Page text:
The Crazy Story of How Soviet Russia Bugged an American Embassy’s Typewriters

Article at IEEE Spectrum about a new book that looks at how the Soviets embedded a transmitter into the USA embassy typewriters.

[A] recent book authored by Eric Haseltine, titled The Spy in Moscow Station (Macmillan, 2019), is a true story of bug hunting that should be of interest to all. It recounts a lengthy struggle by Charles Gandy, an electrical engineer at the United States’ National Security Agency, to uncover an elaborate and ingenious scheme by Soviet engineers to intercept communications in the American embassy in Moscow.
After tens of thousands of fruitless X-rays, a technician noticed a small coil of wire inside the on/off switch of an IBM Selectric typewriter. Gandy believed that this coil was acting as a step-down transformer to supply lower-voltage power to something within the typewriter. Eventually he uncovered a series of modifications that had been concealed so expertly that they had previously defied detection.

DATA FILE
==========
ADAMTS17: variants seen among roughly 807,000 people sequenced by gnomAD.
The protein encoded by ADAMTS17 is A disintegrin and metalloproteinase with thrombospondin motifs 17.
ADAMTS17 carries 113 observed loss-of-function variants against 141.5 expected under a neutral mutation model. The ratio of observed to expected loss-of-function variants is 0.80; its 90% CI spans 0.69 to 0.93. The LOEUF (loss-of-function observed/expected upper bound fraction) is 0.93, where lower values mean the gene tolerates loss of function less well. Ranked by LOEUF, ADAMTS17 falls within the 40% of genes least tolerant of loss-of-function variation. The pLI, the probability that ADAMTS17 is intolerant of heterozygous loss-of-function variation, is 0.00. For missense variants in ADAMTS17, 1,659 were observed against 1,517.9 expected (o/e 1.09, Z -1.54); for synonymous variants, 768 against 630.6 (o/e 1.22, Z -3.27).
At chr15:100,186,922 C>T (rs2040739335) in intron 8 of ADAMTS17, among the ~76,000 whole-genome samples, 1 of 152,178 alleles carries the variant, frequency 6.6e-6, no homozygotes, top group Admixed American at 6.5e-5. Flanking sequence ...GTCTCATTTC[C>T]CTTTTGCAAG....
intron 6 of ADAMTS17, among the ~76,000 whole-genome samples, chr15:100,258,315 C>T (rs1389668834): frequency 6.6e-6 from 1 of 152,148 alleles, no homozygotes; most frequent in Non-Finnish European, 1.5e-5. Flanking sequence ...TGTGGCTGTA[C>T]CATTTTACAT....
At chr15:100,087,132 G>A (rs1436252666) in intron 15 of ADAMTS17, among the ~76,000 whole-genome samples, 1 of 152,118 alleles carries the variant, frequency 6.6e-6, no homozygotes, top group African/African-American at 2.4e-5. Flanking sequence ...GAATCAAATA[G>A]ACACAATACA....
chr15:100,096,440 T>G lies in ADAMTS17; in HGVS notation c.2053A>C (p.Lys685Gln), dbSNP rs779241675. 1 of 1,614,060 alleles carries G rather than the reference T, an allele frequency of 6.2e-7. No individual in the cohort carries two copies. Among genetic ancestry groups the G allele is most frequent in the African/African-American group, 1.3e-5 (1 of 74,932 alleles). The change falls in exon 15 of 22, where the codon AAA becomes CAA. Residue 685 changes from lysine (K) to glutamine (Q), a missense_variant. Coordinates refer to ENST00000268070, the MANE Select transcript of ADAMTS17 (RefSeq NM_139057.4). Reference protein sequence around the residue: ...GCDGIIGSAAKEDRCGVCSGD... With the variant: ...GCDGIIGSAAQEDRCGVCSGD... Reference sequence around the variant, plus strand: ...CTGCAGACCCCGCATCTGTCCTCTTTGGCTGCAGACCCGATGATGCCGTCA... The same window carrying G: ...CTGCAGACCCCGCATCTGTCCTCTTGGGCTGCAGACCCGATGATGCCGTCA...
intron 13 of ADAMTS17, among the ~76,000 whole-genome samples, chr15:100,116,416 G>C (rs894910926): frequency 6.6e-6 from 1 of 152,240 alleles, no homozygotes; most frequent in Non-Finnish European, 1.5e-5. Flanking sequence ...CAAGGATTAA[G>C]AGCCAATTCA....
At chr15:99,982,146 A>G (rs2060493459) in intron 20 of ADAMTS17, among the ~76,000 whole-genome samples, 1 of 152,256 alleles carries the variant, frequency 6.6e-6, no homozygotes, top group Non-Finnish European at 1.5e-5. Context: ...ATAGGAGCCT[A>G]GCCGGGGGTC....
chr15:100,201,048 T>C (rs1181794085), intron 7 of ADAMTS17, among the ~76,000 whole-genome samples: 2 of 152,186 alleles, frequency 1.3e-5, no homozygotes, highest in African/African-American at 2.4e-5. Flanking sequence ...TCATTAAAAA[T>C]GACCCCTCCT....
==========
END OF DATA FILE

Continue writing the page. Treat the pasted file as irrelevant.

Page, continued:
Other components of the typewriters, such as springs and screws, had been repurposed to deliver power to the hidden circuits and to act as antennas. Keystroke information was stored and sent in encrypted burst transmissions that hopped across multiple frequencies.


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